- Another try is 1. e4 d6 2. d4 Nf6 3. Nc3 e5 which transposes to the Hanham after 4.Nf3 Nbd7, but White can instead try to gain a small advantage with 4. dxe5 (Kaufman opines that 4.Nge2 is "also promising") 4... dxe5 5. Qxd8+ Kxd8 6. Bc4. After 4.dxe5, Bauer concludes that "White stands a trifle better" but that "provided he plays accurately, Black doesn't have much to fear following 6.Bc4, by choosing any of the three valid replies, 6...Ke8, 6...Bb4, or 6...Be6. Then 7.Bxe6 fxe6 his position remains a hard nut to crack."
Philidor's original intention: 3...f5
A more aggressive approach for Black after 3.d4 is 3...f5!? (see diagram), now called the Philidor Counter Gambit, a move which Philidor himself recommended. According to Philidor, the move 3...f5 can also be played after 3.Bc4, which can lead to unique positions such as 3.Bc4 f5 4.d3 c6, possibly followed by f5–f4, b7–b5, a7–a5, and even g7–g5 and h7–h5, when all Black pawns have moved before any piece.
In the 19th century, 3...f5 was also played by Paul Morphy. The move can lead to more open positions than the other lines, but is often considered dubious. Others maintain that 3...f5 is a valid idea. Grandmaster Tony Kosten treats the move with respect in his monograph on the opening. The move was also played by David Bronstein and by Teimour Radjabov.
The main alternatives after 3.d4 f5 are:
- 4. Bc4 after which Black should reply 4... exd4
- 4. Nc3 is also best followed by 4... exd4
- 4. dxe5 forces Black to complicate matters further with 4... fxe4
- 4. exf5 e4
All of these lead to a small advantage for White with correct play.
Inferior is 3...Bg4?!, in light of 4. dxe5 Bxf3 (Black cannot recapture since 4...dxe5? 5. Qxd8+ Kxd8 6. Nxe5 wins a clean pawn; however, Black can gambit a pawn with 4...Nd7, known as the Duke of Brunswick Gambit) 5. Qxf3 dxe5 6. Bc4 giving White the advantage of the bishop pair in an open position as well as a large development advantage. Further, Black cannot block the attack on the f7-pawn with the "natural" 6...Nf6? because White wins a pawn with 7.Qb3. This was played in the famous "Opera Box game", when Paul Morphy as White declined to take the b7-pawn but retained a strong initiative after 7...Qe7 8.Nc3.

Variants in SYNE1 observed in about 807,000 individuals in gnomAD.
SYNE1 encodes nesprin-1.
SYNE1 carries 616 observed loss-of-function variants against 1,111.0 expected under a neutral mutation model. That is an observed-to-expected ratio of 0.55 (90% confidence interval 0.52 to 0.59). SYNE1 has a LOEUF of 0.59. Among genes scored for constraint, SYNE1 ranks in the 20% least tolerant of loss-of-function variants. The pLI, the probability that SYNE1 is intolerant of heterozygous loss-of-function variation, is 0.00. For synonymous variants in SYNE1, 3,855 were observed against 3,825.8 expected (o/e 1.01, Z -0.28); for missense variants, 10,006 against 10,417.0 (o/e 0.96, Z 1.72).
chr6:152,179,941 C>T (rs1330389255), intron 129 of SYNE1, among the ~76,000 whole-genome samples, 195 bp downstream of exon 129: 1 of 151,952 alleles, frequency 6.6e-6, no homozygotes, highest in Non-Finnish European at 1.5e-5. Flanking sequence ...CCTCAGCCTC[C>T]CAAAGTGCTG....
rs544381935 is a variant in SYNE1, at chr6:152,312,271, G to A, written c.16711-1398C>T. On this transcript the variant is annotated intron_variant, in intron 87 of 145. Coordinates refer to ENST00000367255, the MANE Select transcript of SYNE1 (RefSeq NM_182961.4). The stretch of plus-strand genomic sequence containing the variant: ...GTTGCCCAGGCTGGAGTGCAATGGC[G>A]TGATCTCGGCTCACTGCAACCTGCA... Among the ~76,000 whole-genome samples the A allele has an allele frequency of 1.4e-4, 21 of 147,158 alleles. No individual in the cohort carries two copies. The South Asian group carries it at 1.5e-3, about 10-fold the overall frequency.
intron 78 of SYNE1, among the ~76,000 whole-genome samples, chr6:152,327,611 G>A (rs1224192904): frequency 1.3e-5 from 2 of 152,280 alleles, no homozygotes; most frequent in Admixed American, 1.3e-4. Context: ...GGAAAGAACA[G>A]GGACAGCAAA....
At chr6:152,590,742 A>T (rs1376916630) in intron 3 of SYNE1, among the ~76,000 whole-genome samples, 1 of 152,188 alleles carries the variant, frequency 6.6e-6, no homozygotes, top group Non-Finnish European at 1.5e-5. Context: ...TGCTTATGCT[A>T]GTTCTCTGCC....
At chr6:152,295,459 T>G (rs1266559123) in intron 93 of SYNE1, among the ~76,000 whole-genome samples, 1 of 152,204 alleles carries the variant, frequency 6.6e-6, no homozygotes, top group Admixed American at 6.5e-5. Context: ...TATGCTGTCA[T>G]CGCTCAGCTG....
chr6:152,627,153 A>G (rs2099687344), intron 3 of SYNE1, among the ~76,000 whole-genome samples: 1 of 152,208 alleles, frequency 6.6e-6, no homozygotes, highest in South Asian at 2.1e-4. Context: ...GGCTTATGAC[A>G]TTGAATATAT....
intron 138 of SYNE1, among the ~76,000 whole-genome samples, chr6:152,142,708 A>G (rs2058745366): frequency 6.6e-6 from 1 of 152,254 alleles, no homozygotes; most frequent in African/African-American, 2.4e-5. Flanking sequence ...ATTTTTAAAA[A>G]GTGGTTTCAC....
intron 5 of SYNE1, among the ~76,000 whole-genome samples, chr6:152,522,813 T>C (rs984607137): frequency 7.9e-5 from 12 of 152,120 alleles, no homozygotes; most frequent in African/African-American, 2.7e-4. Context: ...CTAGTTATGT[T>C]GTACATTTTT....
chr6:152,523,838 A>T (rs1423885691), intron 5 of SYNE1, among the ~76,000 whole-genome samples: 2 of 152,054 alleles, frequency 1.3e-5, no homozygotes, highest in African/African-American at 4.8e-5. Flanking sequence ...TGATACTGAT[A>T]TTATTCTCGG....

Shirov Gambit: 5.g4?!
After 3...Nf6 4.Nc3 Nbd7, White may play the gambit 5.g4?!, intending to sacrifice a pawn while opening the g-file for his rook with great pressures along the file. Black usually accepts this gambit, with a typical line being 5...Nxg4 6.Rg1 Nf6 7.Bc4 h6 8.Be3 c6. This variation was popularized by the eponymous Latvian grandmaster Alexei Shirov, who played it against the Philidor defense on several occasions.
Line starting 3.Bc4
An alternative approach for White is to play 3.Bc4, and either delay d2–d4, or forgo it altogether and instead play d2–d3. The move 3.Bc4 is also White's route to an attempted Légal Trap. The continuation 3...Nc6 brings about the Semi-Italian Opening.
- The Philidor at Chessgames.com
- Kaufman 2004, p. 65.
- Kaufman 2004, p. 69.
- Bauer 2006, p. 32.
- Bauer 2006, p. 16.
- Bauer 2006, pp. 17-22.
- Bauer 2006, p. 179.
- Kaufman 2004, p. 199.
- Bauer 2006, pp. 197–206.
- Bauer 2006, p. 174.
- François André Philidor, Analyse du jeu des Échecs, 1749.
- Kaufman 2004, p. 22.
- Bauer 2006, pp. 22-32.
- Tony Kosten, Winning with the Philidor, Batsford Chess, 1992.
- Further recent analysis on this line can be found here.
- "Shirov vs Azmaiparashvili, Plovdiv, 2003". chessgames.com. Retrieved 2016-09-07.
- "Shirov vs Shaw, Catalan Bay, 2005". chessgames.com. Retrieved 2016-09-07.
- "Shirov vs Klinova, Gibraltar, 2006". chessgames.com. Retrieved 2016-09-07.
- Christian Bauer, The Philidor Files, Everyman Chess, 2006. ISBN 1-85744-436-1.
- Larry Kaufman, The Chess Advantage in Black and White, McKay Chess Library, 2004. ISBN 0-8129-3571-3.
|The Wikibook Chess Opening Theory has a page on the topic of: Philidor Defence|